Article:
I just got back from Austin, TX – the home of “weird” and some of the best new restaurants anywhere – oh and of course, SXSW, the largest annual interactive conference. 30,000 people came together for a week of conversation, music, independent film and overall excitement. What makes SXSW so interesting is how it brings together these different mediums in one place and is an early predictor of what is new and innovative in technology and culture. Last year’s focus on the environment, education and mobile were topical and subsequently resulted in independent SXSW conferences (Edu and Eco), but things have evolved considerably in just a year. This will be the first in a series of posts reflecting my observations and learnings from the conference. Here are some of the more interesting topics that were discussed.
- Data drives everything: Analytics and tracking technologies have evolved significantly allowing insight into every aspect of our use of everything (both digital and increasingly physical).
- Privacy is at risk: Comments from Julian Assange and Edward Snowden (which were transmitted through 7 encryption servers) reinforced the need to protect citizen’s rights.
- Wearables will be everywhere: People will want immediate access to personalized data to help them make informed decisions and drive behavior change (hopefully for the better). Getting the design and user experience right will enable these products to increase adoption more quickly.
- Embeddables are coming: Scary but true, you may have micro-chips implanted in your body in the future. I can’t say that I’m very excited about this prospect, but there seems to be a science fiction inevitability around this. During Gary Vaynerchuk’s talk, he noted how tied we are to our cell phones, and 30% of attendees surveyed indicated they would consider having a mobile device surgically implanted:)
- Robotics will also run our world: As the “internet of things” evolves, sensors will track everything at our workplaces, in our homes and on our person.
And what are the implications of this brave new world that we’re entering? Measurement can be used as both a carrot (positive incentive) or a stick (punishment) and will likely factor into business and pricing decisions. Well on the positive side, hopefully this new information will help businesses to become more astute in understanding and anticipating customer needs, so this creates opportunities for better user experiences. On the down side, monitoring can become punitive. A future scenario could have your insurance company increasing healthcare premiums for overeating or other bad habits, so we better get those wearables to make sure we take 10,000 steps a day and take responsibility for our own health.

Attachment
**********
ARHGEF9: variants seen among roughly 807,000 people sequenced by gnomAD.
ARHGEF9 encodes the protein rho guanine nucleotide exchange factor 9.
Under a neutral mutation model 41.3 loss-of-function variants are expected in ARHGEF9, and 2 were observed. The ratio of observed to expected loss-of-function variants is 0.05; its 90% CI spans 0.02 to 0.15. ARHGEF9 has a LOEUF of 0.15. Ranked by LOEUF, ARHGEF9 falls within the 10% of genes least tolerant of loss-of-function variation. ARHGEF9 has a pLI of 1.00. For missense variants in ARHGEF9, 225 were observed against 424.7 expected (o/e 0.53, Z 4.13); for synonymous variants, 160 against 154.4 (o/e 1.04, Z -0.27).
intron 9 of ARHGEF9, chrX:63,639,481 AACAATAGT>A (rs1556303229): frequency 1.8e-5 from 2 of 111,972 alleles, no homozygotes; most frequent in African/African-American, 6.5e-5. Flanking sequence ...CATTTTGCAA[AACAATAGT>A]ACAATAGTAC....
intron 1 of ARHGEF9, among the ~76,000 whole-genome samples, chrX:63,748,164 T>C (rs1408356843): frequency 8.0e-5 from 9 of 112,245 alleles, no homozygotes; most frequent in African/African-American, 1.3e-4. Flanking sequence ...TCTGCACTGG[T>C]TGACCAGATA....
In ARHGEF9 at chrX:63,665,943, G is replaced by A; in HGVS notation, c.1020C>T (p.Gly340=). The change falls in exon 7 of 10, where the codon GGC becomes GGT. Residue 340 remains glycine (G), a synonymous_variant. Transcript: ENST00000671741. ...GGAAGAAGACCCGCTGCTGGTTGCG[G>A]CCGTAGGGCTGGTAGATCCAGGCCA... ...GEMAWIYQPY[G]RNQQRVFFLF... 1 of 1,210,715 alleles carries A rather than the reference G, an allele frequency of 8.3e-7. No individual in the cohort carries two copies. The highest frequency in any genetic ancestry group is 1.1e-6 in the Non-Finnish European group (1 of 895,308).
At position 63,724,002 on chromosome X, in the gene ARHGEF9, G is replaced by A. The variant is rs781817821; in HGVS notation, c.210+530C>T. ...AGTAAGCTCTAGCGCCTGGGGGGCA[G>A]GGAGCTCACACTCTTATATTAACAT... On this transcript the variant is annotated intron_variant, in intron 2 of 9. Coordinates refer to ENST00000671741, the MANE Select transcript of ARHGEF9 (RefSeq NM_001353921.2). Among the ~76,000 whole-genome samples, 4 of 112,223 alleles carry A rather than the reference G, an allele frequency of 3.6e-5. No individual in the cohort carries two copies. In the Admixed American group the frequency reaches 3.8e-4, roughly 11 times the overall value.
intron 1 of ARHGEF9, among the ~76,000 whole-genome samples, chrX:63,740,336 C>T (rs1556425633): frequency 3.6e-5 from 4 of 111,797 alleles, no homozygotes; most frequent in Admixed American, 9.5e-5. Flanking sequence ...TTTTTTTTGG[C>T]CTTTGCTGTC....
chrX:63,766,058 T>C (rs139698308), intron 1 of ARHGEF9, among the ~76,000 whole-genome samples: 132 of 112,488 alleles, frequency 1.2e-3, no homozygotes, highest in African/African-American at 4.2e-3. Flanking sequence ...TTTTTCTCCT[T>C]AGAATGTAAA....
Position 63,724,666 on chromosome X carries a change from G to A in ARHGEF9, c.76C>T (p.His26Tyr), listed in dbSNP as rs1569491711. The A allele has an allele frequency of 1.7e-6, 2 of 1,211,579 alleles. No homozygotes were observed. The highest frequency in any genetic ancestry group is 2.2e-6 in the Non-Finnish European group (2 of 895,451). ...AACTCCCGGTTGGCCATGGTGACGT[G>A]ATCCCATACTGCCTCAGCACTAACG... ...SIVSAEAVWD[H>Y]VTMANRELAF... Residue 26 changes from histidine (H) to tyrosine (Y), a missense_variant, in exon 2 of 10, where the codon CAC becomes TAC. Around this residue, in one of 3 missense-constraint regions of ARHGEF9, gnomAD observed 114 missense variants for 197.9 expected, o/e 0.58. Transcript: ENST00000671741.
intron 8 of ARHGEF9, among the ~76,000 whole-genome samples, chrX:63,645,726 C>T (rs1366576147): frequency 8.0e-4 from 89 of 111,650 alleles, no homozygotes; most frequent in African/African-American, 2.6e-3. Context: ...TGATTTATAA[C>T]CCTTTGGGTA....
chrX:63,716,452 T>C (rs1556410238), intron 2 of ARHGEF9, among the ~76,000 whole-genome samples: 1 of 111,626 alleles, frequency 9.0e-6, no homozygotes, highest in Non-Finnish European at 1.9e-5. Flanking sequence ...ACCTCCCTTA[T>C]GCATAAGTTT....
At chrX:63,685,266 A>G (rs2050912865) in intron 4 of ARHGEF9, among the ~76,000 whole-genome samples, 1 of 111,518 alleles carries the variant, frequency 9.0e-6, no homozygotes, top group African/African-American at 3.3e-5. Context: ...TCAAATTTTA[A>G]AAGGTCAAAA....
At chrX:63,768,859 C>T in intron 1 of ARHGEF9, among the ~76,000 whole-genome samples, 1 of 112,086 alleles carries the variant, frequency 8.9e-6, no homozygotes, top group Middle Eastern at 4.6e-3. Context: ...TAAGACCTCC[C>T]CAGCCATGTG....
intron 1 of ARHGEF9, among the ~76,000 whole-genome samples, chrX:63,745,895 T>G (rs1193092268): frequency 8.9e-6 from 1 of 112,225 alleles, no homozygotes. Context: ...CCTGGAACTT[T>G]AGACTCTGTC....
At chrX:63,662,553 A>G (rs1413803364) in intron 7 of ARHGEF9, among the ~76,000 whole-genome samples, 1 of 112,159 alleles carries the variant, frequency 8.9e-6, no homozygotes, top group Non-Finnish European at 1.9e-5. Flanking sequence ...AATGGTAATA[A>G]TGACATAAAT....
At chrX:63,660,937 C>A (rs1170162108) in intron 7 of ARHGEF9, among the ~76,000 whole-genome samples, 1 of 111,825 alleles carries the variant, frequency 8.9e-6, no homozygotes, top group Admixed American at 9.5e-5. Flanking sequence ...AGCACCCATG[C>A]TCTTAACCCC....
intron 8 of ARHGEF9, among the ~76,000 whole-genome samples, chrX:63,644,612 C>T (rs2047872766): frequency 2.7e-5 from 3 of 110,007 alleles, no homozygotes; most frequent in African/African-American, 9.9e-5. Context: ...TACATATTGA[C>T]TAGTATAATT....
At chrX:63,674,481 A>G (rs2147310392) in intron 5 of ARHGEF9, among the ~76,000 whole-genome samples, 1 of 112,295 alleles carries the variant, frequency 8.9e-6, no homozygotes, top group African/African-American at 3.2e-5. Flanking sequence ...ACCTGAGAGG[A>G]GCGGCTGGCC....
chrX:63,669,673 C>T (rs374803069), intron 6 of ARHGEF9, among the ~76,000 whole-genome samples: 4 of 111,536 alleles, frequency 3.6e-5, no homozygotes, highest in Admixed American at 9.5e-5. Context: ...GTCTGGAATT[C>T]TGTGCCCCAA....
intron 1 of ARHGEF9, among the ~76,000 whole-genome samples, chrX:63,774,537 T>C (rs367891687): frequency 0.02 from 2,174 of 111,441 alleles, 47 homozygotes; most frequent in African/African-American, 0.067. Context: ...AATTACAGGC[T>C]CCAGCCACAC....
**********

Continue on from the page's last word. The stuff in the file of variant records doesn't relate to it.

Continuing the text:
Other implications of this new reality:
- New rules around technology and personal interactions (“netiquette” and “tech/life balance”): We will need to learn when and how to disconnect from our devices in order to create more human connection, since it remains a world of personal interactions and the basic art of face-to-face conversation remains important (not just for reading body language).
- Creativity will blossom at the intersection of science and art. Incredible new possibilities will become imaginable as technology connects with creativity. IBM introduced a food truck, Cognitive Cooking, based on Watson, its supercomputer whose understanding of food science allowed it to create crazy new menus based both on the molecular properties of foods and favorite taste combinations.
- New models based on sharing and positive psychology will emerge. The desire to help others will create new opportunities in both business (as Jelly, a human-centered, social network-based search model shows) and social change (increased focus on doing good while making money). Companies will become more creative in their marketing and advertising approaches to recognize and reward new and prospective customers in order to drive loyalty.
Wow, a lot to absorb, but incredibly fascinating to learn about. Hopefully we’ll have some time to fully appreciate the ramifications of these changes as it can sometimes take a few years for changes to really become fully incorporated into our culture….. but make no mistake, “You will be assimilated.”
If you would like some guidance and support during this incredible period of change, contact us to learn more about how we can help you or your organization adapt. We specialize in introducing innovation around new product launches, organizational design and performance coaching.